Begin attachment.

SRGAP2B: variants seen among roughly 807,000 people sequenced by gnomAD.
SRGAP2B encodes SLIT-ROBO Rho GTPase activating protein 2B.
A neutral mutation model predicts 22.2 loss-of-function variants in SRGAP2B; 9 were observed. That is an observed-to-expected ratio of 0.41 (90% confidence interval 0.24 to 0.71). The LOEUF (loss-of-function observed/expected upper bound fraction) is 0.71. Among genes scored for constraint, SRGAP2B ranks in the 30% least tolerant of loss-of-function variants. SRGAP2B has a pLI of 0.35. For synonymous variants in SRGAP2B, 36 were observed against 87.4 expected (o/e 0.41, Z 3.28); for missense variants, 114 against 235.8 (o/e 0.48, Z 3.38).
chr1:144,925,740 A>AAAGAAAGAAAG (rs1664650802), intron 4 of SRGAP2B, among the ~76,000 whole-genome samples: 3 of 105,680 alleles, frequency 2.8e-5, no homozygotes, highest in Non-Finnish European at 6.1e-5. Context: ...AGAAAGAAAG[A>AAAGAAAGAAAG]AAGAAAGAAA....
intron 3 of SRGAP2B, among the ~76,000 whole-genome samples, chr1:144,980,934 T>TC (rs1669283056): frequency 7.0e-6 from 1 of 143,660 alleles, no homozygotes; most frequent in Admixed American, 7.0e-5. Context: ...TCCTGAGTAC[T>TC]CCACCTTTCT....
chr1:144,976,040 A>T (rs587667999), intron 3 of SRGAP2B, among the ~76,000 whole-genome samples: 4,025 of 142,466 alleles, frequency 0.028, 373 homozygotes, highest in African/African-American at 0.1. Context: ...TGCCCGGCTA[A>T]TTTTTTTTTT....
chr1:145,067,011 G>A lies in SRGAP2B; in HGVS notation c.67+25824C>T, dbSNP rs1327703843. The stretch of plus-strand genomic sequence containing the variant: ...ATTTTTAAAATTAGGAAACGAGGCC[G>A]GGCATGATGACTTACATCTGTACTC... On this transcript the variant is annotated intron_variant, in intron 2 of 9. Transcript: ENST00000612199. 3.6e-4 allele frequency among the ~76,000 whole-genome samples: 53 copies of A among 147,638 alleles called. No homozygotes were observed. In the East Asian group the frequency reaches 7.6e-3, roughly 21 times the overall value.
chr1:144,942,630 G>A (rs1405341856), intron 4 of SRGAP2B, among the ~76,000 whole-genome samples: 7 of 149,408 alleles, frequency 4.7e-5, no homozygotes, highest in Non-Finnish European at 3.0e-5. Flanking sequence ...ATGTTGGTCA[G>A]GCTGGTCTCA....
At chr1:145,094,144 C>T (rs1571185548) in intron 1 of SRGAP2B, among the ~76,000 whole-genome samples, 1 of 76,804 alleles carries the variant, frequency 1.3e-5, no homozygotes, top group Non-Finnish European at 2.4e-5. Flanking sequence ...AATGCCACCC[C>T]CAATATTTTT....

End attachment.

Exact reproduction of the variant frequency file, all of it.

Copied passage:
SRGAP2B: variants seen among roughly 807,000 people sequenced by gnomAD.
SRGAP2B encodes SLIT-ROBO Rho GTPase activating protein 2B.
A neutral mutation model predicts 22.2 loss-of-function variants in SRGAP2B; 9 were observed. That is an observed-to-expected ratio of 0.41 (90% confidence interval 0.24 to 0.71). The LOEUF (loss-of-function observed/expected upper bound fraction) is 0.71. Among genes scored for constraint, SRGAP2B ranks in the 30% least tolerant of loss-of-function variants. SRGAP2B has a pLI of 0.35. For synonymous variants in SRGAP2B, 36 were observed against 87.4 expected (o/e 0.41, Z 3.28); for missense variants, 114 against 235.8 (o/e 0.48, Z 3.38).
chr1:144,925,740 A>AAAGAAAGAAAG (rs1664650802), intron 4 of SRGAP2B, among the ~76,000 whole-genome samples: 3 of 105,680 alleles, frequency 2.8e-5, no homozygotes, highest in Non-Finnish European at 6.1e-5. Context: ...AGAAAGAAAG[A>AAAGAAAGAAAG]AAGAAAGAAA....
intron 3 of SRGAP2B, among the ~76,000 whole-genome samples, chr1:144,980,934 T>TC (rs1669283056): frequency 7.0e-6 from 1 of 143,660 alleles, no homozygotes; most frequent in Admixed American, 7.0e-5. Context: ...TCCTGAGTAC[T>TC]CCACCTTTCT....
chr1:144,976,040 A>T (rs587667999), intron 3 of SRGAP2B, among the ~76,000 whole-genome samples: 4,025 of 142,466 alleles, frequency 0.028, 373 homozygotes, highest in African/African-American at 0.1. Context: ...TGCCCGGCTA[A>T]TTTTTTTTTT....
chr1:145,067,011 G>A lies in SRGAP2B; in HGVS notation c.67+25824C>T, dbSNP rs1327703843. The stretch of plus-strand genomic sequence containing the variant: ...ATTTTTAAAATTAGGAAACGAGGCC[G>A]GGCATGATGACTTACATCTGTACTC... On this transcript the variant is annotated intron_variant, in intron 2 of 9. Transcript: ENST00000612199. 3.6e-4 allele frequency among the ~76,000 whole-genome samples: 53 copies of A among 147,638 alleles called. No homozygotes were observed. In the East Asian group the frequency reaches 7.6e-3, roughly 21 times the overall value.
chr1:144,942,630 G>A (rs1405341856), intron 4 of SRGAP2B, among the ~76,000 whole-genome samples: 7 of 149,408 alleles, frequency 4.7e-5, no homozygotes, highest in Non-Finnish European at 3.0e-5. Flanking sequence ...ATGTTGGTCA[G>A]GCTGGTCTCA....
At chr1:145,094,144 C>T (rs1571185548) in intron 1 of SRGAP2B, among the ~76,000 whole-genome samples, 1 of 76,804 alleles carries the variant, frequency 1.3e-5, no homozygotes, top group Non-Finnish European at 2.4e-5. Flanking sequence ...AATGCCACCC[C>T]CAATATTTTT....